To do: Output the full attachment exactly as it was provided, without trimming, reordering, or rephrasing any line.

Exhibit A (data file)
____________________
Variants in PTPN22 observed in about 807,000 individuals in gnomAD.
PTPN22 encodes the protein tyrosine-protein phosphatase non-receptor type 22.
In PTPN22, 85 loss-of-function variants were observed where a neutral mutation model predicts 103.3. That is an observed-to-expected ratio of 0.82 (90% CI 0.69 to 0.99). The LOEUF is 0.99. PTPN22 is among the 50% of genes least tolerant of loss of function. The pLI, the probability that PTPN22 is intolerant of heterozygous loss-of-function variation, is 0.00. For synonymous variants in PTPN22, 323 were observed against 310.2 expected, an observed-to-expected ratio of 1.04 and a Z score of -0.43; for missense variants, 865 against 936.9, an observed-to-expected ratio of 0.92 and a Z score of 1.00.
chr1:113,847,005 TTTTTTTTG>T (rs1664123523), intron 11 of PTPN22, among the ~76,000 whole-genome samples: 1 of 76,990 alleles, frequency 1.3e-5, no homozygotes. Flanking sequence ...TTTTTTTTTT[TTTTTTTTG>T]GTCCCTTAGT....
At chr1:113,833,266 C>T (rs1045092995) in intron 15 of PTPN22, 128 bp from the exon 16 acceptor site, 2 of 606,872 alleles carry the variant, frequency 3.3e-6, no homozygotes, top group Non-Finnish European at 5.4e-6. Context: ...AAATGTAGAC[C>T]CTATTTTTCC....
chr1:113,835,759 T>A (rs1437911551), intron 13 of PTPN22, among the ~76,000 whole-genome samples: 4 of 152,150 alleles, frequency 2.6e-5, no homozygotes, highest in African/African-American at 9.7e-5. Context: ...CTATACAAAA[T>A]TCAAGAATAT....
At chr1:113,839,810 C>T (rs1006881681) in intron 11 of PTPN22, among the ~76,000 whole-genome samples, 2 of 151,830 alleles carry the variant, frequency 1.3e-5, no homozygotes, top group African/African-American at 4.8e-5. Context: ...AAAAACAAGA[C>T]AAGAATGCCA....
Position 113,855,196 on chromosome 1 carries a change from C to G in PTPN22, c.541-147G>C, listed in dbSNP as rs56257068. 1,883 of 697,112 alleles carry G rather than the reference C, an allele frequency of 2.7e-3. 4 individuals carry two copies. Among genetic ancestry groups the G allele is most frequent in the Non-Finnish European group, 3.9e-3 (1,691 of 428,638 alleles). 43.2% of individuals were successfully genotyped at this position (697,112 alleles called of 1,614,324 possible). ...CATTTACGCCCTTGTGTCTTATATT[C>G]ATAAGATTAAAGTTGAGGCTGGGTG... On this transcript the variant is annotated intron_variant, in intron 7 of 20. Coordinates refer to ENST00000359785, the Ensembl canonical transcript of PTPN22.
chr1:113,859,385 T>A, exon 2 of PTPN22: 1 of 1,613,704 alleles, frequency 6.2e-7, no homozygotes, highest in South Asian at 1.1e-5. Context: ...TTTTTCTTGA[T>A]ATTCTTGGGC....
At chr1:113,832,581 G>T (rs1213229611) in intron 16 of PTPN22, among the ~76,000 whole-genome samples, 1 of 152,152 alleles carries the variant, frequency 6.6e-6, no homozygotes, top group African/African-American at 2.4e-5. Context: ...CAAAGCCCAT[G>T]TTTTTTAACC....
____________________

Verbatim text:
Variants in PTPN22 observed in about 807,000 individuals in gnomAD.
PTPN22 encodes the protein tyrosine-protein phosphatase non-receptor type 22.
In PTPN22, 85 loss-of-function variants were observed where a neutral mutation model predicts 103.3. That is an observed-to-expected ratio of 0.82 (90% CI 0.69 to 0.99). The LOEUF is 0.99. PTPN22 is among the 50% of genes least tolerant of loss of function. The pLI, the probability that PTPN22 is intolerant of heterozygous loss-of-function variation, is 0.00. For synonymous variants in PTPN22, 323 were observed against 310.2 expected, an observed-to-expected ratio of 1.04 and a Z score of -0.43; for missense variants, 865 against 936.9, an observed-to-expected ratio of 0.92 and a Z score of 1.00.
chr1:113,847,005 TTTTTTTTG>T (rs1664123523), intron 11 of PTPN22, among the ~76,000 whole-genome samples: 1 of 76,990 alleles, frequency 1.3e-5, no homozygotes. Flanking sequence ...TTTTTTTTTT[TTTTTTTTG>T]GTCCCTTAGT....
At chr1:113,833,266 C>T (rs1045092995) in intron 15 of PTPN22, 128 bp from the exon 16 acceptor site, 2 of 606,872 alleles carry the variant, frequency 3.3e-6, no homozygotes, top group Non-Finnish European at 5.4e-6. Context: ...AAATGTAGAC[C>T]CTATTTTTCC....
chr1:113,835,759 T>A (rs1437911551), intron 13 of PTPN22, among the ~76,000 whole-genome samples: 4 of 152,150 alleles, frequency 2.6e-5, no homozygotes, highest in African/African-American at 9.7e-5. Context: ...CTATACAAAA[T>A]TCAAGAATAT....
At chr1:113,839,810 C>T (rs1006881681) in intron 11 of PTPN22, among the ~76,000 whole-genome samples, 2 of 151,830 alleles carry the variant, frequency 1.3e-5, no homozygotes, top group African/African-American at 4.8e-5. Context: ...AAAAACAAGA[C>T]AAGAATGCCA....
Position 113,855,196 on chromosome 1 carries a change from C to G in PTPN22, c.541-147G>C, listed in dbSNP as rs56257068. 1,883 of 697,112 alleles carry G rather than the reference C, an allele frequency of 2.7e-3. 4 individuals carry two copies. Among genetic ancestry groups the G allele is most frequent in the Non-Finnish European group, 3.9e-3 (1,691 of 428,638 alleles). 43.2% of individuals were successfully genotyped at this position (697,112 alleles called of 1,614,324 possible). ...CATTTACGCCCTTGTGTCTTATATT[C>G]ATAAGATTAAAGTTGAGGCTGGGTG... On this transcript the variant is annotated intron_variant, in intron 7 of 20. Coordinates refer to ENST00000359785, the Ensembl canonical transcript of PTPN22.
chr1:113,859,385 T>A, exon 2 of PTPN22: 1 of 1,613,704 alleles, frequency 6.2e-7, no homozygotes, highest in South Asian at 1.1e-5. Context: ...TTTTTCTTGA[T>A]ATTCTTGGGC....
At chr1:113,832,581 G>T (rs1213229611) in intron 16 of PTPN22, among the ~76,000 whole-genome samples, 1 of 152,152 alleles carries the variant, frequency 6.6e-6, no homozygotes, top group African/African-American at 2.4e-5. Context: ...CAAAGCCCAT[G>T]TTTTTTAACC....